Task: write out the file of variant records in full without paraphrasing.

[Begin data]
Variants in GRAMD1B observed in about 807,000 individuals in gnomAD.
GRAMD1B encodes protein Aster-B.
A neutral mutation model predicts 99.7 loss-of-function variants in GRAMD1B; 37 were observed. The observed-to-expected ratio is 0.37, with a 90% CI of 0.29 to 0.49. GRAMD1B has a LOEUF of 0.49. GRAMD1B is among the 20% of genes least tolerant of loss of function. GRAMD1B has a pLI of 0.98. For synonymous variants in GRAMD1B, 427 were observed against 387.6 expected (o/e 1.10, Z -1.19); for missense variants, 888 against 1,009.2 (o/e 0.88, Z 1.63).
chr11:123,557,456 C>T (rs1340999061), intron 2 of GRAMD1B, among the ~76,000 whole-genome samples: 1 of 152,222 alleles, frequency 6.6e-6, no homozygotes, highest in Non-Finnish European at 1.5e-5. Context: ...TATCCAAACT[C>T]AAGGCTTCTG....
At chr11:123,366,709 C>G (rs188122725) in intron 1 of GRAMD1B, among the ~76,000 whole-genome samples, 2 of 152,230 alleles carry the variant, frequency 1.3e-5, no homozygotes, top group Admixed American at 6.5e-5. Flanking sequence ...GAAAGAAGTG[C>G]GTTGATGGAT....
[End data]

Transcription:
Variants in GRAMD1B observed in about 807,000 individuals in gnomAD.
GRAMD1B encodes protein Aster-B.
A neutral mutation model predicts 99.7 loss-of-function variants in GRAMD1B; 37 were observed. The observed-to-expected ratio is 0.37, with a 90% CI of 0.29 to 0.49. GRAMD1B has a LOEUF of 0.49. GRAMD1B is among the 20% of genes least tolerant of loss of function. GRAMD1B has a pLI of 0.98. For synonymous variants in GRAMD1B, 427 were observed against 387.6 expected (o/e 1.10, Z -1.19); for missense variants, 888 against 1,009.2 (o/e 0.88, Z 1.63).
chr11:123,557,456 C>T (rs1340999061), intron 2 of GRAMD1B, among the ~76,000 whole-genome samples: 1 of 152,222 alleles, frequency 6.6e-6, no homozygotes, highest in Non-Finnish European at 1.5e-5. Context: ...TATCCAAACT[C>T]AAGGCTTCTG....
At chr11:123,366,709 C>G (rs188122725) in intron 1 of GRAMD1B, among the ~76,000 whole-genome samples, 2 of 152,230 alleles carry the variant, frequency 1.3e-5, no homozygotes, top group Admixed American at 6.5e-5. Flanking sequence ...GAAAGAAGTG[C>G]GTTGATGGAT....